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Wednesday, March 07, 2012

Oh, Yeah, Demand Curves

Today's EIA crude inventories release. On a YoY YTD basis, products supplied is down 5.5%. This is somewhat affected by weather.

However good weather should INCREASE gasoline demand relatively, and better jobs stats should also.

So let's look at a longer timeframe series on US gasoline demand using EIA data. This lacks the most recent week of data, when YoY 4wk gas supplied was down 7.8%.

The 3 year is from the depths of the recession. The one year is from a weather-depressed period. The two year covers the recovery period.

This is due somewhat to retirements (demographics), somewhat to fleet replacement, and a lot more to the high price of gas.

Pricing for any particular product can go high enough to remove a portion of its economic functionality. It would appear gas has reached that level in the US at current incomes.

Removing the three year series so you can look at recent evolution:

Call me a cynic, but I do not believe this is unrelated to economic difficulties.

Let's just say the utilities output figures are too similar.

There seems to be some great disturbance in the force.

ADP jobs is very good. Still, it's not time to bet on growth. Growth impulses are extremely weak.

The long term graph shows that we are back at a ten-year demand low:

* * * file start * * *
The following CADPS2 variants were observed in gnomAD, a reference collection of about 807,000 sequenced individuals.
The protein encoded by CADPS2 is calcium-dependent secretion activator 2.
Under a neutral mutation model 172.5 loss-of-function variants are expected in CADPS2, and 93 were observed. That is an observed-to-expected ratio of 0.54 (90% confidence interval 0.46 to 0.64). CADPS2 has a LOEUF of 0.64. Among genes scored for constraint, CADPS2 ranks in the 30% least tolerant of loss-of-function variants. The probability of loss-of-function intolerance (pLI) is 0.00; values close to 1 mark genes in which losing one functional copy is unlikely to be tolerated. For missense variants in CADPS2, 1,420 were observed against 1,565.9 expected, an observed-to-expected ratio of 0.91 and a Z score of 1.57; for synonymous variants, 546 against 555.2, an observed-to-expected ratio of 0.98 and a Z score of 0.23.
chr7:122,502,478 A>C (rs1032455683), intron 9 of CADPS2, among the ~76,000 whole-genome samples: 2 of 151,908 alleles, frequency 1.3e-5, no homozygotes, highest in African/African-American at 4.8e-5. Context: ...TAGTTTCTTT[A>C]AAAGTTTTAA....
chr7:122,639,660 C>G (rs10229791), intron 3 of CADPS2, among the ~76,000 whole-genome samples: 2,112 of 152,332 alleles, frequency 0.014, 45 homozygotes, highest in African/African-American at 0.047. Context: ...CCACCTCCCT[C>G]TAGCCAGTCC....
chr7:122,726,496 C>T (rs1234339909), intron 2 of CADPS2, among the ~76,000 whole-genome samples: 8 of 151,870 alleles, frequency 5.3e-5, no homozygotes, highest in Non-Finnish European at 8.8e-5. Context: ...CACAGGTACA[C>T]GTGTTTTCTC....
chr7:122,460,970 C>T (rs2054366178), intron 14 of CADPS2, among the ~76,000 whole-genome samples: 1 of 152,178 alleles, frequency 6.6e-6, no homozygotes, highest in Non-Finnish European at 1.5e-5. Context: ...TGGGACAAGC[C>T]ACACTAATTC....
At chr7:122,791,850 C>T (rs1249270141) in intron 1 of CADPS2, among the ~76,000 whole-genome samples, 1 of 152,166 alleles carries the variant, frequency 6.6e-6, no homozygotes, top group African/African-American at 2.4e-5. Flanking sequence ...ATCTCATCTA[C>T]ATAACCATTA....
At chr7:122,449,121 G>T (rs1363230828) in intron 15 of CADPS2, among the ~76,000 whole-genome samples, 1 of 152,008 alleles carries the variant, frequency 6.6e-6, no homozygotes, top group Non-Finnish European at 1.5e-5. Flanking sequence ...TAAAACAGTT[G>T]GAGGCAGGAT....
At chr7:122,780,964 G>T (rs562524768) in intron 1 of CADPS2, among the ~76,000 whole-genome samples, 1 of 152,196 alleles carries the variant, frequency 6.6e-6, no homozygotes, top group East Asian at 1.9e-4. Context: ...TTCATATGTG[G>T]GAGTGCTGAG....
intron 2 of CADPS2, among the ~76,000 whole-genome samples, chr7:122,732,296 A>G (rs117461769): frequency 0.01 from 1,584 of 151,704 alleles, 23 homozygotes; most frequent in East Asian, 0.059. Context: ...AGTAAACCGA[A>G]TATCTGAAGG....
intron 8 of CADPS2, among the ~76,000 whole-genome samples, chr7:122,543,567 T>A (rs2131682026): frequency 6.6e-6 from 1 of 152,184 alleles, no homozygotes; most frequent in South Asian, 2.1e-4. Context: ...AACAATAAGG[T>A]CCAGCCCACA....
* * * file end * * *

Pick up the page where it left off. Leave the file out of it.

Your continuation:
Paradoxically, this gives some hope that US car demand will continue to be pretty strong. High-mileage consumers have a high incentive to roll over less efficient vehicles.

Sales of the EVs have been weak, but sales for hybrids and all economical cars are good. Sales of trucks are pretty weak.

So read the bottom line as we have a weak recovery that is about to be snuffed by high fuel prices.
I believe WSJ is correct. We tried to devalue our
debts away and will try again. What we needed were
fundamental changes to tax and trade policies but
entrenched interests will never allow that to happen.
Policies that place American labor below the interests
of multinational corporations will impoverish the bottom
80 percent.

Demand may be slowing or dying depending on your point of view but my e-mail spam folder continues to attract a large crowd, maybe there is some correlation between consumer demand and spam......
Ron - there is a huge positive correlation between weak consumer demand and marketing spam.

Also I note CC offers are building up again. We don't really have a tight credit environment - we have a saturated credit environment, unless you want to lend to people who are quite unlikely to be able to repay the loan.
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